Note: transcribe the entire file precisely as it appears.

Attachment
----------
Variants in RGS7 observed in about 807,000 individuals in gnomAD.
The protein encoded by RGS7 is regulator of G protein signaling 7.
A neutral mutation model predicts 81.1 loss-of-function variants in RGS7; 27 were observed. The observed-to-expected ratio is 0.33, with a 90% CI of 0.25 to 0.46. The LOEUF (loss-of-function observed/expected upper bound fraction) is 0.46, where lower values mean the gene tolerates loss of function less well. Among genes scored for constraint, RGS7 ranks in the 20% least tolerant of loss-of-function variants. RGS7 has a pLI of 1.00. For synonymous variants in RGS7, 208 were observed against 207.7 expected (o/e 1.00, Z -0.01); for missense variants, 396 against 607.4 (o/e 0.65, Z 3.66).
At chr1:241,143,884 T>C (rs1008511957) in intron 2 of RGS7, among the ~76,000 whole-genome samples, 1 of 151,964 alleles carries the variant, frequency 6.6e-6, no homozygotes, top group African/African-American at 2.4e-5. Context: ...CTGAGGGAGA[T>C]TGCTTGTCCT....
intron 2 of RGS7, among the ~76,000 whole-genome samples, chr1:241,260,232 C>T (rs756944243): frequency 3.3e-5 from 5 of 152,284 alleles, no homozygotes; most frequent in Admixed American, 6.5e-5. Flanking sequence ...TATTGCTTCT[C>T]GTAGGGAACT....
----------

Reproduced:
Variants in RGS7 observed in about 807,000 individuals in gnomAD.
The protein encoded by RGS7 is regulator of G protein signaling 7.
A neutral mutation model predicts 81.1 loss-of-function variants in RGS7; 27 were observed. The observed-to-expected ratio is 0.33, with a 90% CI of 0.25 to 0.46. The LOEUF (loss-of-function observed/expected upper bound fraction) is 0.46, where lower values mean the gene tolerates loss of function less well. Among genes scored for constraint, RGS7 ranks in the 20% least tolerant of loss-of-function variants. RGS7 has a pLI of 1.00. For synonymous variants in RGS7, 208 were observed against 207.7 expected (o/e 1.00, Z -0.01); for missense variants, 396 against 607.4 (o/e 0.65, Z 3.66).
At chr1:241,143,884 T>C (rs1008511957) in intron 2 of RGS7, among the ~76,000 whole-genome samples, 1 of 151,964 alleles carries the variant, frequency 6.6e-6, no homozygotes, top group African/African-American at 2.4e-5. Context: ...CTGAGGGAGA[T>C]TGCTTGTCCT....
intron 2 of RGS7, among the ~76,000 whole-genome samples, chr1:241,260,232 C>T (rs756944243): frequency 3.3e-5 from 5 of 152,284 alleles, no homozygotes; most frequent in Admixed American, 6.5e-5. Flanking sequence ...TATTGCTTCT[C>T]GTAGGGAACT....